For the 1 in 5 New Mexicans who live in rural areas, accessing health care is a challenge with sometimes deadly consequences. Many New Mexicans struggle to get medical care, but travel distances, lack of providers, high poverty and limited hospital services mean rural residents face higher mortality rates, high rates of chronic disease, poor outcomes for pregnant women and newborns and more substance abuse.
New Mexico needs a holistic, statewide strategy if it wants to improve the health care of New Mexicans. It needs a coordinated system that connects urban, rural and frontier health care services to ensure general and specialized care is available in all parts of the state. It needs to create a health care environment that welcomes caregivers to New Mexico and encourages them to stay here. It needs a professional development pipeline that encourages high school students to pursue careers in health care and nurtures them through their degrees.
The health care provider shortage in the state — all but a few areas of the state are federally designated health care shortage areas — means competition for doctors, nurses, physician assistants, nurse practitioners and other providers is fierce. Rural hospitals and medical centers, already facing financial hurdles, simply do not have the resources to attract practitioners away from urban centers.
To improve the supply of providers, the Legislature earlier this year significantly upped the rates paid to those who serve Medicaid-covered patients. Half of state residents are in the Medicaid program, and higher rates should trickle through the system, improving pay for most providers. Lawmakers should also consider adopting a formula that provides additional compensation to rural providers to encourage doctors and nurses to serve and live in small communities and the creation of other incentives for locating in a rural area, such as housing.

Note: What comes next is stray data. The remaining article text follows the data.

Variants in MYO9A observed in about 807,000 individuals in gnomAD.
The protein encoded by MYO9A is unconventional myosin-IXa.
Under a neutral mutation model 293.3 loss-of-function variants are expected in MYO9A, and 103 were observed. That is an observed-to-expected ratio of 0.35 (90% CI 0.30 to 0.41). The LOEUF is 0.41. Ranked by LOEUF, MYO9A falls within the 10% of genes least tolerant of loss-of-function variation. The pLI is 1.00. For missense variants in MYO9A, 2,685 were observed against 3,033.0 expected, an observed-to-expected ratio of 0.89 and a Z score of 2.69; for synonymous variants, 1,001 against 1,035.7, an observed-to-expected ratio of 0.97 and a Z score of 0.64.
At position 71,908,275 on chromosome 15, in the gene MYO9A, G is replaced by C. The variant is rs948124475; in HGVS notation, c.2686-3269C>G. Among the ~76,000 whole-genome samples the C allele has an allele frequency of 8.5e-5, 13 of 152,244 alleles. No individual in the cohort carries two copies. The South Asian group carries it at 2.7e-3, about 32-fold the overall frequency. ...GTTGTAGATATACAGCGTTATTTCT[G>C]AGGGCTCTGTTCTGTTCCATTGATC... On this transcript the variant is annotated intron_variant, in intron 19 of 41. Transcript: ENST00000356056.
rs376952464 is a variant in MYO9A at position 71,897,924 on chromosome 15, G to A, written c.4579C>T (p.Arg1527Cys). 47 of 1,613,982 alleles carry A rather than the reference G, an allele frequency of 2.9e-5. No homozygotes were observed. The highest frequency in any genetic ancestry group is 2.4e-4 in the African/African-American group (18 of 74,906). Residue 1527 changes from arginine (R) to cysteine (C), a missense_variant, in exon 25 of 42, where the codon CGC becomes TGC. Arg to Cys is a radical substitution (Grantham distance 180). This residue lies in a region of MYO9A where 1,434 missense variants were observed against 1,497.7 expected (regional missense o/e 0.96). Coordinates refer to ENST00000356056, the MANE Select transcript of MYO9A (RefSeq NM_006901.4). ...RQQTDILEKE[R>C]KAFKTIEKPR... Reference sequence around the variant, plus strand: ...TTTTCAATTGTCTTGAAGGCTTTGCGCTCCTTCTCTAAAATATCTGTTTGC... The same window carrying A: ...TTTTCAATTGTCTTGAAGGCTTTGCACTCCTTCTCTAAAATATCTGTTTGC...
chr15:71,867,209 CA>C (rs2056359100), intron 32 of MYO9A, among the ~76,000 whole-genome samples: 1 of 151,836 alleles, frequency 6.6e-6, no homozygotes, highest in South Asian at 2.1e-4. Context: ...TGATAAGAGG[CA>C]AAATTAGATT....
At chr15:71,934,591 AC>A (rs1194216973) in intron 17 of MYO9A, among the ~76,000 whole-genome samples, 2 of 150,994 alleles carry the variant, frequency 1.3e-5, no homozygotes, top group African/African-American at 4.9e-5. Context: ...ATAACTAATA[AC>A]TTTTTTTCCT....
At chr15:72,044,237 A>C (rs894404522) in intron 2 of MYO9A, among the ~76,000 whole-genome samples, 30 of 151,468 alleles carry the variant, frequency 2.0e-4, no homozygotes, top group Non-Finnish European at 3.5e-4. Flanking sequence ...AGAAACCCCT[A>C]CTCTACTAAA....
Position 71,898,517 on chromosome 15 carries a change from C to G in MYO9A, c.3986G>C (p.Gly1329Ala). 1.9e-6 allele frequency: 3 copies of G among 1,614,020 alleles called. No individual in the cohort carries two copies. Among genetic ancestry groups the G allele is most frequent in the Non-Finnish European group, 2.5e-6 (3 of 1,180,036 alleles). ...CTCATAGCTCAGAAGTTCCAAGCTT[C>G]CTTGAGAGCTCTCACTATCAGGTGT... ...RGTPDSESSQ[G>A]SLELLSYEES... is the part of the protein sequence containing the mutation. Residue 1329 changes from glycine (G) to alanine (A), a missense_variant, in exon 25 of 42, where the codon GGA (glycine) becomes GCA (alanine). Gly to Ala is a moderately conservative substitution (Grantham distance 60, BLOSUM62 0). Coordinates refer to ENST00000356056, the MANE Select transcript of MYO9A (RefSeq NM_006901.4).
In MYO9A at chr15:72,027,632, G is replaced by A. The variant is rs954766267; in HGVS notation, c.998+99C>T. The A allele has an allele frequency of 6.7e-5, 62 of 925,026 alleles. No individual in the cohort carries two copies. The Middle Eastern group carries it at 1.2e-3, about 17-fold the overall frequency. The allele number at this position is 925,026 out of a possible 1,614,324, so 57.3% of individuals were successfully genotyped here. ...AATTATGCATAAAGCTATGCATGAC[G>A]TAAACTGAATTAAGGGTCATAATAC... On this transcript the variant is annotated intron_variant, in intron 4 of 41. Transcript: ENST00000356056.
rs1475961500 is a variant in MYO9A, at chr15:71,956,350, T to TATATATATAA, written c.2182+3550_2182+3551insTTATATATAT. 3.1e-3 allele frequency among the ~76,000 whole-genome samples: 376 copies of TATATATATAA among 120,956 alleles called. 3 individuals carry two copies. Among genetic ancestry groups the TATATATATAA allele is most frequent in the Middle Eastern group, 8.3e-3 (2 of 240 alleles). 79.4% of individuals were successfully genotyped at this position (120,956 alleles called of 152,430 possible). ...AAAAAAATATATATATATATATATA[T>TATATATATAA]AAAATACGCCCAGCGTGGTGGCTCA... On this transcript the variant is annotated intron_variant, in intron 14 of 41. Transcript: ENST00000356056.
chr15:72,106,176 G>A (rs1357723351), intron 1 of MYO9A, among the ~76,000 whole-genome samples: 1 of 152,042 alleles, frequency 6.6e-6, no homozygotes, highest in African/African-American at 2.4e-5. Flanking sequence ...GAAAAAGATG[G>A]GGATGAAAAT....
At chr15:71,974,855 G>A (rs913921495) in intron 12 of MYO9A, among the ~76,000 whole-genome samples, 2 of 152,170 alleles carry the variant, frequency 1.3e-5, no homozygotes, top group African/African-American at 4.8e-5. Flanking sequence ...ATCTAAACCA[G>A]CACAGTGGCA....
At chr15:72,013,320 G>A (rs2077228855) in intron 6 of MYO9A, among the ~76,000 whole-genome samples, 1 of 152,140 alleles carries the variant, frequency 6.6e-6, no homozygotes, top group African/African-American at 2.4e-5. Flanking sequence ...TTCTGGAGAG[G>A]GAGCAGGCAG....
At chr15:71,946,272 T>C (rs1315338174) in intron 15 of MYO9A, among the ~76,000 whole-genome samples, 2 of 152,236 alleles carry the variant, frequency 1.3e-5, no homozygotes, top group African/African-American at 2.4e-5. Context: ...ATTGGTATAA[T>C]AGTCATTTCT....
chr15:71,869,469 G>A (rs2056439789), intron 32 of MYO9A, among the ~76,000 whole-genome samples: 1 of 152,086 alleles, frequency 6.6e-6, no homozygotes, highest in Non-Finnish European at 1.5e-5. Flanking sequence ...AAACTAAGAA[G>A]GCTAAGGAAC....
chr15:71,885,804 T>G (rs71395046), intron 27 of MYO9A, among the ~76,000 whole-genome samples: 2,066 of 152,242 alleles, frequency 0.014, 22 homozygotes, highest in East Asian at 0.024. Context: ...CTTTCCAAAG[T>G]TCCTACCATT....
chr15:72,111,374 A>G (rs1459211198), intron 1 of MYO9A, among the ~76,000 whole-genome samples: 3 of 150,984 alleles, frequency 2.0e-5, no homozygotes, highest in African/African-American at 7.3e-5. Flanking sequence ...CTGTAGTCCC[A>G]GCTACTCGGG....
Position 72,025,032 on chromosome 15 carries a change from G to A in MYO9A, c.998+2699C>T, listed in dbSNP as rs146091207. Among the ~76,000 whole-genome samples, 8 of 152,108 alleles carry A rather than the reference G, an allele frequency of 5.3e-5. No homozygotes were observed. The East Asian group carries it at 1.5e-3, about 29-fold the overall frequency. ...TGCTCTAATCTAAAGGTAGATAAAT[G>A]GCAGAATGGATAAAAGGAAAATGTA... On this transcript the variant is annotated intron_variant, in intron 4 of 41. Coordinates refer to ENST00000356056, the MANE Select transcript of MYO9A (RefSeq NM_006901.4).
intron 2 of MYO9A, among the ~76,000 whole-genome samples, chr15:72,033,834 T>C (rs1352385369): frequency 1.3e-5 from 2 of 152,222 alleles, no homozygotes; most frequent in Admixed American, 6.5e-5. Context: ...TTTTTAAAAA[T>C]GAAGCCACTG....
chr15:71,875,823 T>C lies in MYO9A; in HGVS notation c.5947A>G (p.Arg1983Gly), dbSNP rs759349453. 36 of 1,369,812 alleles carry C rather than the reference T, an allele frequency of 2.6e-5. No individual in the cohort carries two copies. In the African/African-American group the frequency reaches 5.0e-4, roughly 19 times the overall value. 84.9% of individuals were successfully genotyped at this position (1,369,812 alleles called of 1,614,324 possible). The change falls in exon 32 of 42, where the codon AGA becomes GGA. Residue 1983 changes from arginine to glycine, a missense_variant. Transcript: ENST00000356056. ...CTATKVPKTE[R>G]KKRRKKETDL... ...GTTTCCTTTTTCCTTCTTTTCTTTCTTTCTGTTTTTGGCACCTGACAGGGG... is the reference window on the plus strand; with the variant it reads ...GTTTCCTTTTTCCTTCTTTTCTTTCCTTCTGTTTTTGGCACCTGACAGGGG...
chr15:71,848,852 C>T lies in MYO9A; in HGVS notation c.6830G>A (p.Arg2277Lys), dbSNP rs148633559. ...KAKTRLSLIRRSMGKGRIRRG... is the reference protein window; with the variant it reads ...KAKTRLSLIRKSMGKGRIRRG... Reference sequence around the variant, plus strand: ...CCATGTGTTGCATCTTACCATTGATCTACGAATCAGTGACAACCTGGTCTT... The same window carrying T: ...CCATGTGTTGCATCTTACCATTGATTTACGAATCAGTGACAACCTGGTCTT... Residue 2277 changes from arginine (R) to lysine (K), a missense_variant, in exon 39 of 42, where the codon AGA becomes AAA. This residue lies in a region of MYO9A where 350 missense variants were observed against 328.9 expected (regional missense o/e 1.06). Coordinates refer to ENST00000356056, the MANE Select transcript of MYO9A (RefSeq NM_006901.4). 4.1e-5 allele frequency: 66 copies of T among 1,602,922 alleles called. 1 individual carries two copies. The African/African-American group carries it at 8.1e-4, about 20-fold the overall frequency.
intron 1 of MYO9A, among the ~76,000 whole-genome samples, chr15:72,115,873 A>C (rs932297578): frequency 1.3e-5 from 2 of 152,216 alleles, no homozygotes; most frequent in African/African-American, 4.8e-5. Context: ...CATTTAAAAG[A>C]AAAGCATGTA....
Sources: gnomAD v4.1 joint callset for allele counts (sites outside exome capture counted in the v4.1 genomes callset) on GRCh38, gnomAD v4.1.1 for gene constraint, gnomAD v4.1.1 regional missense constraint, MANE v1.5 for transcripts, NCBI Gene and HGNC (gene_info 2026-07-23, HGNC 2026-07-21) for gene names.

Work also needs to continue on the state’s troubling medical malpractice environment, addressed but not resolved during the last legislative session, and on the state’s approach for reimbursing hospitals for care provided to those who cannot pay because they lack insurance, are not in the Medicaid program and do not have the personal resources. This uncompensated [amount] can be particularly taxing on small hospitals in poor areas.
The Legislature needs to also consider expanding school-based health centers, which provide early detection of health issues, good nutrition, exercise and mental health strategies, and early referrals to family doctors and specialists. Absences drop when a school has a health center. New Mexico has more than 50 school-based centers serving 16,000 students, but an effort should be made to get health clinics into more schools.
Similarly, community-based treatment for substance abuse, especially that involving alcohol, also needs to be a priority. New Mexico has invested heavily in treatment but still consistently has the highest alcohol-related death rate in the country and ranks sixth nationally for drug overdose deaths. Many recovery centers have waiting lists, a hurdle that often waylays efforts to get help.
It will take many approaches to fix what ails New Mexico’s health care system. The key will be coordination, communication and a unified strategy for all parts of New Mexico.
State Sen. Pete Campos, a Democrat from Las Vegas who holds a doctorate in educational leadership and a master’s in guidance and counseling, has been a member of the Senate since 1991 and a member of the Senate Finance Committee since 1997. Campos is also a member of the Legislative Finance, Revenue Stabilization and Tax Policy, and Water and Natural Resources committees. He has served as the senator from District 8 in northern New Mexico since 1991 and has served as president of Luna Community College, superintendent of the Las Vegas City Schools, and mayor of Santa Rosa.